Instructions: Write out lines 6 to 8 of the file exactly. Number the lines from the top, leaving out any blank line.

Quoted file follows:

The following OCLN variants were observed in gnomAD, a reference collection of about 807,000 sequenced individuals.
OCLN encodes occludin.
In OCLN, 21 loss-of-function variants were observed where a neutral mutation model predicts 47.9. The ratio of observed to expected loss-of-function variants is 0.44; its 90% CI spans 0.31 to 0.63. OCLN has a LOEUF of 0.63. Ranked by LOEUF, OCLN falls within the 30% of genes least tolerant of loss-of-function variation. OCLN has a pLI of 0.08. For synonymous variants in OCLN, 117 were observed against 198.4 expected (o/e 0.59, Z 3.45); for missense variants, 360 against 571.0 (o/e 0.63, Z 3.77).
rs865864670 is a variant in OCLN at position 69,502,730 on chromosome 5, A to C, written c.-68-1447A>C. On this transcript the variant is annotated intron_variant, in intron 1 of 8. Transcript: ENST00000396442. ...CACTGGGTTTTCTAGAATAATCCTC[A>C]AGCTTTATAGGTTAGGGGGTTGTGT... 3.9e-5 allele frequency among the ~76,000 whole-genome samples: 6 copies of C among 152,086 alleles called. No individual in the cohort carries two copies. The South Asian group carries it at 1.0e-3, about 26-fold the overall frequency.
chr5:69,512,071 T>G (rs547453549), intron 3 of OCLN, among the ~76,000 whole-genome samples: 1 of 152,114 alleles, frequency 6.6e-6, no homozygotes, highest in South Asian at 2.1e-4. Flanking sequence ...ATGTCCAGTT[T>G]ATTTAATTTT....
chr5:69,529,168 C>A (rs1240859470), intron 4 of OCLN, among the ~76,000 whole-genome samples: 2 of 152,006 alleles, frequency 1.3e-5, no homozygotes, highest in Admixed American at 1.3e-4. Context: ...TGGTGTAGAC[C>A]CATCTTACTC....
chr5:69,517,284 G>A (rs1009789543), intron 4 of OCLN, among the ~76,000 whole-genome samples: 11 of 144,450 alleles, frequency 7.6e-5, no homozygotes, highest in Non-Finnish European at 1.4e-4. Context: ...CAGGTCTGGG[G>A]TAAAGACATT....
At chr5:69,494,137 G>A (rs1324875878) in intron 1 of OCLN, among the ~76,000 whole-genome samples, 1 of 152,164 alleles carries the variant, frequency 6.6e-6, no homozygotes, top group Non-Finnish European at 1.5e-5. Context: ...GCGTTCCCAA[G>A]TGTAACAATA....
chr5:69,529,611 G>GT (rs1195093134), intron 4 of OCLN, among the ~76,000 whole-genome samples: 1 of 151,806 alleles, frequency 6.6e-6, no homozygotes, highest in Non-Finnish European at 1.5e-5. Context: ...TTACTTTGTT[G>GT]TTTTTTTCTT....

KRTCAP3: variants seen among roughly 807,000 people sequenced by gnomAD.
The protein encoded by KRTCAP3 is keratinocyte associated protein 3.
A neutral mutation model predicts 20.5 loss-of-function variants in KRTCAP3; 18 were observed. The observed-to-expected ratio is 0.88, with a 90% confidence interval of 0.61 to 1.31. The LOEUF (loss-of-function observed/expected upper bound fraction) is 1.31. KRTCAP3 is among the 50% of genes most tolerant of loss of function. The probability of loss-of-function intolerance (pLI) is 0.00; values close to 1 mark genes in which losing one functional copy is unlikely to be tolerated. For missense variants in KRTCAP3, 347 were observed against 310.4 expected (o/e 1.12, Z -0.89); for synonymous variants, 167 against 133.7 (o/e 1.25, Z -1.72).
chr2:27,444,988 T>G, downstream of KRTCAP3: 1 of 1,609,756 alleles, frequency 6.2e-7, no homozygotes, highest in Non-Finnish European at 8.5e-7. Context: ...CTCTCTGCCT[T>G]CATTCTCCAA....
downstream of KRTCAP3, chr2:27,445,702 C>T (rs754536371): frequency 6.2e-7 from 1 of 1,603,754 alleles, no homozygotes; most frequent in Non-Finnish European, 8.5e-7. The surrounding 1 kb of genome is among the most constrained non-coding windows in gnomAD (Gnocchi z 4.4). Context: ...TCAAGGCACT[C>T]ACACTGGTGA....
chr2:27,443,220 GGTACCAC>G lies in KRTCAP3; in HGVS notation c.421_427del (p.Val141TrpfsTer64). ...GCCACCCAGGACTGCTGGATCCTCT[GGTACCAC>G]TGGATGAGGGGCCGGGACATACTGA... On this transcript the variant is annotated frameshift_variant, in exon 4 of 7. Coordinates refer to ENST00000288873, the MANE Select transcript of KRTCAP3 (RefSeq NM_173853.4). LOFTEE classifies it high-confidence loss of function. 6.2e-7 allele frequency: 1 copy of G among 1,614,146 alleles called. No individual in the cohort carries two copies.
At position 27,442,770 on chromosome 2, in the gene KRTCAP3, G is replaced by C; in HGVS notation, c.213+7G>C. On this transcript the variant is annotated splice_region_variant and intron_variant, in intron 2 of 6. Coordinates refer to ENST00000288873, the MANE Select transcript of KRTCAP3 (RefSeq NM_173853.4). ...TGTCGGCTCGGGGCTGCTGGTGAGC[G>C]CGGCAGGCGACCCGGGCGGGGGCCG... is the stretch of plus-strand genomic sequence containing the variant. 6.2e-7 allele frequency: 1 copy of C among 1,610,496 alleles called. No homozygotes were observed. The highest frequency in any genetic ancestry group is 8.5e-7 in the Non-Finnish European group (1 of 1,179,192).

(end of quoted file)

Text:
chr5:69,529,168 C>A (rs1240859470), intron 4 of OCLN, among the ~76,000 whole-genome samples: 2 of 152,006 alleles, frequency 1.3e-5, no homozygotes, highest in Admixed American at 1.3e-4. Context: ...TGGTGTAGAC[C>A]CATCTTACTC....
chr5:69,517,284 G>A (rs1009789543), intron 4 of OCLN, among the ~76,000 whole-genome samples: 11 of 144,450 alleles, frequency 7.6e-5, no homozygotes, highest in Non-Finnish European at 1.4e-4. Context: ...CAGGTCTGGG[G>A]TAAAGACATT....
At chr5:69,494,137 G>A (rs1324875878) in intron 1 of OCLN, among the ~76,000 whole-genome samples, 1 of 152,164 alleles carries the variant, frequency 6.6e-6, no homozygotes, top group Non-Finnish European at 1.5e-5. Context: ...GCGTTCCCAA[G>A]TGTAACAATA....